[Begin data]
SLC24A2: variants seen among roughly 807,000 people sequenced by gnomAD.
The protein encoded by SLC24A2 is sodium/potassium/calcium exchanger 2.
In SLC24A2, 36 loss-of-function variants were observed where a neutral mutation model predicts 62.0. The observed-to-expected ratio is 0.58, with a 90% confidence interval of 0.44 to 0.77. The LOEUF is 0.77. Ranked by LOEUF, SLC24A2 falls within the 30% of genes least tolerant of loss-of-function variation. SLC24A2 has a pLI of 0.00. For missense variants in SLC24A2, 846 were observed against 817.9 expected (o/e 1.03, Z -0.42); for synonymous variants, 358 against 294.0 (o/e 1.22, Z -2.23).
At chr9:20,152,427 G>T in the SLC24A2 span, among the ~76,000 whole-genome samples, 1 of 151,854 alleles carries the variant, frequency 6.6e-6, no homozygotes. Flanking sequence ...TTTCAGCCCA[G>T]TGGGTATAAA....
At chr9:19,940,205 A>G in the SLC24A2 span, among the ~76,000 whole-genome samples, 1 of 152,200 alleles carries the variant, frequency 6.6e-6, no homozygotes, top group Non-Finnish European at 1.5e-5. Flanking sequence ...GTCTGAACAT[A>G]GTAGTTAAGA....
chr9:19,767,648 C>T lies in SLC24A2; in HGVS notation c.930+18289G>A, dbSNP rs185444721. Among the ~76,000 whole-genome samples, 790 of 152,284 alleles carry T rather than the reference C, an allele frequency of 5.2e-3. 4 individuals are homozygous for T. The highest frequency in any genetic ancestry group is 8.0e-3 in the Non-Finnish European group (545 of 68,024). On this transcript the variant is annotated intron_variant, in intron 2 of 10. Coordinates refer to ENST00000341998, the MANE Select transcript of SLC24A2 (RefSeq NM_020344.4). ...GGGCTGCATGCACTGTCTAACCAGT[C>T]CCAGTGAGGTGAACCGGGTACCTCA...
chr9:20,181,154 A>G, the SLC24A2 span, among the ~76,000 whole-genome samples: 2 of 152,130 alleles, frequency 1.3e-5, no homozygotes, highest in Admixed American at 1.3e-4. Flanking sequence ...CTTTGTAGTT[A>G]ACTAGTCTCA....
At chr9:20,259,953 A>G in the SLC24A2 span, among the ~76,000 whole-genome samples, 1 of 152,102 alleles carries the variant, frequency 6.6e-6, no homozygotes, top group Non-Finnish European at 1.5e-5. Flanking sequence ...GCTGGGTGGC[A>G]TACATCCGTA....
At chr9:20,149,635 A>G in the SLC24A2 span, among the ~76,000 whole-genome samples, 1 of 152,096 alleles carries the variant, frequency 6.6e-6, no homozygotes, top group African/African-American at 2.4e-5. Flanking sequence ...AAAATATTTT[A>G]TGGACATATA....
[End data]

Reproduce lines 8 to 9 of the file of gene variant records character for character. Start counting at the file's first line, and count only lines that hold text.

At chr9:20,259,953 A>G in the SLC24A2 span, among the ~76,000 whole-genome samples, 1 of 152,102 alleles carries the variant, frequency 6.6e-6, no homozygotes, top group Non-Finnish European at 1.5e-5. Flanking sequence ...GCTGGGTGGC[A>G]TACATCCGTA....
At chr9:20,149,635 A>G in the SLC24A2 span, among the ~76,000 whole-genome samples, 1 of 152,096 alleles carries the variant, frequency 6.6e-6, no homozygotes, top group African/African-American at 2.4e-5. Flanking sequence ...AAAATATTTT[A>G]TGGACATATA....